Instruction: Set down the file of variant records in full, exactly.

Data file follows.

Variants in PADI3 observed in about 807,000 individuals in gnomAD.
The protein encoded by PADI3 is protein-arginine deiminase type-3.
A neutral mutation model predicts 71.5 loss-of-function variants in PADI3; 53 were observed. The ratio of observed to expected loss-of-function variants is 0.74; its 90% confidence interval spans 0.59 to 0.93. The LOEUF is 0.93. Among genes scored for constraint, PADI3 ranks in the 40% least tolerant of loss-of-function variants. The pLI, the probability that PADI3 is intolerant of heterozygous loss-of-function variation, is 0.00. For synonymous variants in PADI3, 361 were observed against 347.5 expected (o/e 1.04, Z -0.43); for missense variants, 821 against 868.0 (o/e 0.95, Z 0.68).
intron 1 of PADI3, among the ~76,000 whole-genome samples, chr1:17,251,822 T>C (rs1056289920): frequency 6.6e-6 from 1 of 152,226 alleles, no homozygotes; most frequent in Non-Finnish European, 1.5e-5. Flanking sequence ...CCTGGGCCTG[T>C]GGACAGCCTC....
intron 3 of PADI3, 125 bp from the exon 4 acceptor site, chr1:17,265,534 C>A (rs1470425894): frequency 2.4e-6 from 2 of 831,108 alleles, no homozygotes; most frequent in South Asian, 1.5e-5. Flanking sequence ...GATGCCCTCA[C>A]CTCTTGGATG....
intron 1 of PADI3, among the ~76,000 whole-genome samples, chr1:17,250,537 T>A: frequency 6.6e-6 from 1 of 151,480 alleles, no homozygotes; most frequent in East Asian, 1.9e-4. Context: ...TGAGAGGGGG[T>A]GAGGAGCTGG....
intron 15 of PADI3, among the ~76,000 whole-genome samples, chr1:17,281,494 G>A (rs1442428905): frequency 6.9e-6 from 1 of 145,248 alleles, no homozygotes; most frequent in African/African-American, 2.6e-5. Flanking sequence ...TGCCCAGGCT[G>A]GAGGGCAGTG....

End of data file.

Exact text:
Variants in PADI3 observed in about 807,000 individuals in gnomAD.
The protein encoded by PADI3 is protein-arginine deiminase type-3.
A neutral mutation model predicts 71.5 loss-of-function variants in PADI3; 53 were observed. The ratio of observed to expected loss-of-function variants is 0.74; its 90% confidence interval spans 0.59 to 0.93. The LOEUF is 0.93. Among genes scored for constraint, PADI3 ranks in the 40% least tolerant of loss-of-function variants. The pLI, the probability that PADI3 is intolerant of heterozygous loss-of-function variation, is 0.00. For synonymous variants in PADI3, 361 were observed against 347.5 expected (o/e 1.04, Z -0.43); for missense variants, 821 against 868.0 (o/e 0.95, Z 0.68).
intron 1 of PADI3, among the ~76,000 whole-genome samples, chr1:17,251,822 T>C (rs1056289920): frequency 6.6e-6 from 1 of 152,226 alleles, no homozygotes; most frequent in Non-Finnish European, 1.5e-5. Flanking sequence ...CCTGGGCCTG[T>C]GGACAGCCTC....
intron 3 of PADI3, 125 bp from the exon 4 acceptor site, chr1:17,265,534 C>A (rs1470425894): frequency 2.4e-6 from 2 of 831,108 alleles, no homozygotes; most frequent in South Asian, 1.5e-5. Flanking sequence ...GATGCCCTCA[C>A]CTCTTGGATG....
intron 1 of PADI3, among the ~76,000 whole-genome samples, chr1:17,250,537 T>A: frequency 6.6e-6 from 1 of 151,480 alleles, no homozygotes; most frequent in East Asian, 1.9e-4. Context: ...TGAGAGGGGG[T>A]GAGGAGCTGG....
intron 15 of PADI3, among the ~76,000 whole-genome samples, chr1:17,281,494 G>A (rs1442428905): frequency 6.9e-6 from 1 of 145,248 alleles, no homozygotes; most frequent in African/African-American, 2.6e-5. Flanking sequence ...TGCCCAGGCT[G>A]GAGGGCAGTG....